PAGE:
Technology education and me

One of the stereotypes of people working computing is that they aren’t great at socializing, and I have to say when I was young that was very true for me. As a shy child I had difficulty striking up conversations with strangers or even responding when people would try to talk to me, which is partially why I admired my mother so much. She could talk to anyone and everyone and seemed to be constantly engaging people in conversation. Happily, as I’ve grown older I’ve become more like my mother when it comes to socializing. It’s now comfortable and easy for me to engage strangers in conversation, and it’s a rare day when I don’t talk to someone when I’m out and about in the city.

I find, however, that some of the typical subjects of conversation don’t work well. For example, it’s very common for someone (a store clerk…

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Geek Street in Chicago

Digital Field Notes

On July 22 we had the chance to collaborate with colleagues in the N. W. Harris Learning Collection with a table at Google’s Geek Street Festival in Daley Plaza. We arrived early with laptops, speakers, mics, and a variety of instruments from the Learning Collection. Participants experimented with sound looping by playing instruments from West Africa and then recording loops that brought together voices, claps, and rhythms, using MmmTsss.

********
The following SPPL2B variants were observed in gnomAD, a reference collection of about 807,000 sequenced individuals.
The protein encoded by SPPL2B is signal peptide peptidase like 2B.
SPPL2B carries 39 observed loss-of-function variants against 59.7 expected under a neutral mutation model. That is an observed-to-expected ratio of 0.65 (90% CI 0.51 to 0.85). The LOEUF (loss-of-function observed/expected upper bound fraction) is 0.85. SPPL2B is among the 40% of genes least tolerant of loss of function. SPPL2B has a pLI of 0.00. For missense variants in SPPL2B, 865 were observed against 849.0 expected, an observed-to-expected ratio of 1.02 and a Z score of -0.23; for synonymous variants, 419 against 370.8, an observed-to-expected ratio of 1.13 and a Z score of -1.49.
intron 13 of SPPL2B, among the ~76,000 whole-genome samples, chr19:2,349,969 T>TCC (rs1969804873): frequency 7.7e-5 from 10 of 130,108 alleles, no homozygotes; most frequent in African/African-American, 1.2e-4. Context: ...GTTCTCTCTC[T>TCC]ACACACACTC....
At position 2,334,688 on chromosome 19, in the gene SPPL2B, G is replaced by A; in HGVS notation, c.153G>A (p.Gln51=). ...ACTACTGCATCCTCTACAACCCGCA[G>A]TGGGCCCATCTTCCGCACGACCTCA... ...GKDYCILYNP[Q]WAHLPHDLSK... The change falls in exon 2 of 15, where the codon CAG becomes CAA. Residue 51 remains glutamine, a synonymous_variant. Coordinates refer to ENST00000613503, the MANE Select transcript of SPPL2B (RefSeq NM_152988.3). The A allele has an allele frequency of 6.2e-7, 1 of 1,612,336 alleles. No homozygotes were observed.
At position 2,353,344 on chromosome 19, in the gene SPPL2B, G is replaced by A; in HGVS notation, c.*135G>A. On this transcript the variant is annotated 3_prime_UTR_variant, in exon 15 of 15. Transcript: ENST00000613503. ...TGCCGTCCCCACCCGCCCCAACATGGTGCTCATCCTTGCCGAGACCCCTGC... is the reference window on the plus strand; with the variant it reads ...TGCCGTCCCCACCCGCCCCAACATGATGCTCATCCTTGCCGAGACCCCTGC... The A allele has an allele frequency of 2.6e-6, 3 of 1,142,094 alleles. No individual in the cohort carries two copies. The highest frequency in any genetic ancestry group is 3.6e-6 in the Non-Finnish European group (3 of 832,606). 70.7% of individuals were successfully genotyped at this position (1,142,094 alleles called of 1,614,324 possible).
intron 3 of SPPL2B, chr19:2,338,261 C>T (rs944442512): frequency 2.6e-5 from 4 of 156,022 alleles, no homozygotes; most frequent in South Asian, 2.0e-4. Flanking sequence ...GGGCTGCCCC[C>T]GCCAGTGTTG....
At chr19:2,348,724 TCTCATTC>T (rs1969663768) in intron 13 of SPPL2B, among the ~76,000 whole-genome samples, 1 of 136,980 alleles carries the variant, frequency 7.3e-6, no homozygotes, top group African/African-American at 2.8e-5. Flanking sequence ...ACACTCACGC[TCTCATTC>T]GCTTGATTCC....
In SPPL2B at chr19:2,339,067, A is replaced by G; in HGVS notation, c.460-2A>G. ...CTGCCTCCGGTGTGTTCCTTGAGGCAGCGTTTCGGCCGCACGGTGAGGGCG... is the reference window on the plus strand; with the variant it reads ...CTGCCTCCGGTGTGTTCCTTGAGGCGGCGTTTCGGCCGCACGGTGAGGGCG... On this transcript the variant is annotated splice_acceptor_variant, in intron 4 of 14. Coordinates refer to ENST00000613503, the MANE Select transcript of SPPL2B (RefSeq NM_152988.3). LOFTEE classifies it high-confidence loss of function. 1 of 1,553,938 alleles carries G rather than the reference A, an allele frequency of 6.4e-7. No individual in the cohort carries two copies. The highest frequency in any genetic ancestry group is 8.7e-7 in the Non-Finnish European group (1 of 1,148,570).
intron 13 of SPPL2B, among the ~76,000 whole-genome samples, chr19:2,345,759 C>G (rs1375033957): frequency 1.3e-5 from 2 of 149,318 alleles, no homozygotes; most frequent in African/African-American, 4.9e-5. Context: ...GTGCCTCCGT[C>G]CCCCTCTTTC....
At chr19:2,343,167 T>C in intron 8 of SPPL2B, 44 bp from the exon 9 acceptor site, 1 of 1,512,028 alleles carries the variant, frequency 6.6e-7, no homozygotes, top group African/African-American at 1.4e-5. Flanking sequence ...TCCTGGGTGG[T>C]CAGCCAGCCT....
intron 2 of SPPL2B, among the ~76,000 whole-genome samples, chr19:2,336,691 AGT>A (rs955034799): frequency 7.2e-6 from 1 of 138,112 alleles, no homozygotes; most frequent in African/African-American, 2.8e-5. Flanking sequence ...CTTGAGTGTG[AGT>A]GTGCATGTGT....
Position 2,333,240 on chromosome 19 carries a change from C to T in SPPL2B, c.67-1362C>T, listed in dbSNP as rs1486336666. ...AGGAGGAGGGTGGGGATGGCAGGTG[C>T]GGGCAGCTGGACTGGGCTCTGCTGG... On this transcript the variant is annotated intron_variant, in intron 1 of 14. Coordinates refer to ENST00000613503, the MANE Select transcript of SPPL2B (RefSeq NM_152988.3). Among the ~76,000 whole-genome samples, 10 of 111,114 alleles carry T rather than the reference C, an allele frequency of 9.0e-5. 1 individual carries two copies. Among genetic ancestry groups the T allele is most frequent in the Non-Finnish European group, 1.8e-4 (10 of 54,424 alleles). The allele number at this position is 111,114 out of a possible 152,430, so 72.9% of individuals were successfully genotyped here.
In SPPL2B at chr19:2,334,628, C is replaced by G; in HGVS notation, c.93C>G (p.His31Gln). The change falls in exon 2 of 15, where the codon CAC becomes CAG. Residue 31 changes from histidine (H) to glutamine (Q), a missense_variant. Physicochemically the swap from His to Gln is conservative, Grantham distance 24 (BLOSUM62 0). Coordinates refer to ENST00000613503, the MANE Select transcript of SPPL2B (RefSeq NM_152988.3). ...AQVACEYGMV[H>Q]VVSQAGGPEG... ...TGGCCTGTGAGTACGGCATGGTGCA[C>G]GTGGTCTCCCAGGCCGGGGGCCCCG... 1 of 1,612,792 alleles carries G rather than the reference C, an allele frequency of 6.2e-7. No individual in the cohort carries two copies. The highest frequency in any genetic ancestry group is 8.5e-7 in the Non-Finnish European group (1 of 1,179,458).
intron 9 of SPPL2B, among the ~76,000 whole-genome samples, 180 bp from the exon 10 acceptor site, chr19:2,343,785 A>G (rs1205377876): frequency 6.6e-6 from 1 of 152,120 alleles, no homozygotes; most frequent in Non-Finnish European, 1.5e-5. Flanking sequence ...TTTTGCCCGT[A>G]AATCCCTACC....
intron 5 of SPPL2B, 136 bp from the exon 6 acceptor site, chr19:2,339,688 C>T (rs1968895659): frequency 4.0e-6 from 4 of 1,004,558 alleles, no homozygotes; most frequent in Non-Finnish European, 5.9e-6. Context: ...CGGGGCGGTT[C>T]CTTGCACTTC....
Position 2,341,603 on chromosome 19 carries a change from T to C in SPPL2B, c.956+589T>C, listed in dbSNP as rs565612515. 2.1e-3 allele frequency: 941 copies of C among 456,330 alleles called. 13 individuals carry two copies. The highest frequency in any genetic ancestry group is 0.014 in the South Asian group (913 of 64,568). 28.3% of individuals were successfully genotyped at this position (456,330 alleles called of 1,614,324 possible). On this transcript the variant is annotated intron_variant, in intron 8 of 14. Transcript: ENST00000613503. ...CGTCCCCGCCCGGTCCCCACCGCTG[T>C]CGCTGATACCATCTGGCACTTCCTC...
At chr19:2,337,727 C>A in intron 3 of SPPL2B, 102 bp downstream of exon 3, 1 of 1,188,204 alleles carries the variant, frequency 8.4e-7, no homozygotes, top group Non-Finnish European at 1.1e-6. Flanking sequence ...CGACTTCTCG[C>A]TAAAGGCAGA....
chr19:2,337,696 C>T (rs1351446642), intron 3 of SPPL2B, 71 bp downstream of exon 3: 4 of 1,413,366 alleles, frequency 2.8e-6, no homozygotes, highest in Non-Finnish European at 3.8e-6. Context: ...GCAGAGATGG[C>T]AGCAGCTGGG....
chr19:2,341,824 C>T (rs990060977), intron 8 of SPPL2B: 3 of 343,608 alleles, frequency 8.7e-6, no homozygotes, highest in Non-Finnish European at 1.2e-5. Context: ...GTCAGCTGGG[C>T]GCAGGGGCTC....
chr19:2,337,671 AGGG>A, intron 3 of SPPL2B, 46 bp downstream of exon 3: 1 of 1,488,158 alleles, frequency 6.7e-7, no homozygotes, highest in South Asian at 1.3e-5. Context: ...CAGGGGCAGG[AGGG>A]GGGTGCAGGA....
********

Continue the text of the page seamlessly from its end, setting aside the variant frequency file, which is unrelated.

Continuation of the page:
Approximately 5000 participants from around the region had the opportunity to explore hands-on computer science and creative technology activities with facilitators from Museum of Science and Industry, Google, Chicago Public Library, Chicago Architecture Foundation and more. It was a great chance to introduce teens  to new ways to create with technology!

The Field Museum setup, under the Picasso. The Field Museum setup, under the Picasso waiting for the event to begin.

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Queens Compute

blogpostHello World!

The objective of this blog is to encourage people,especially women, to become more involved and knowledgeable about the field of computer science. I will be working to provide you all with all sorts of computer science related information ranging from tutorials to the latest news in computer science. Lets learn together and change the world. 🙂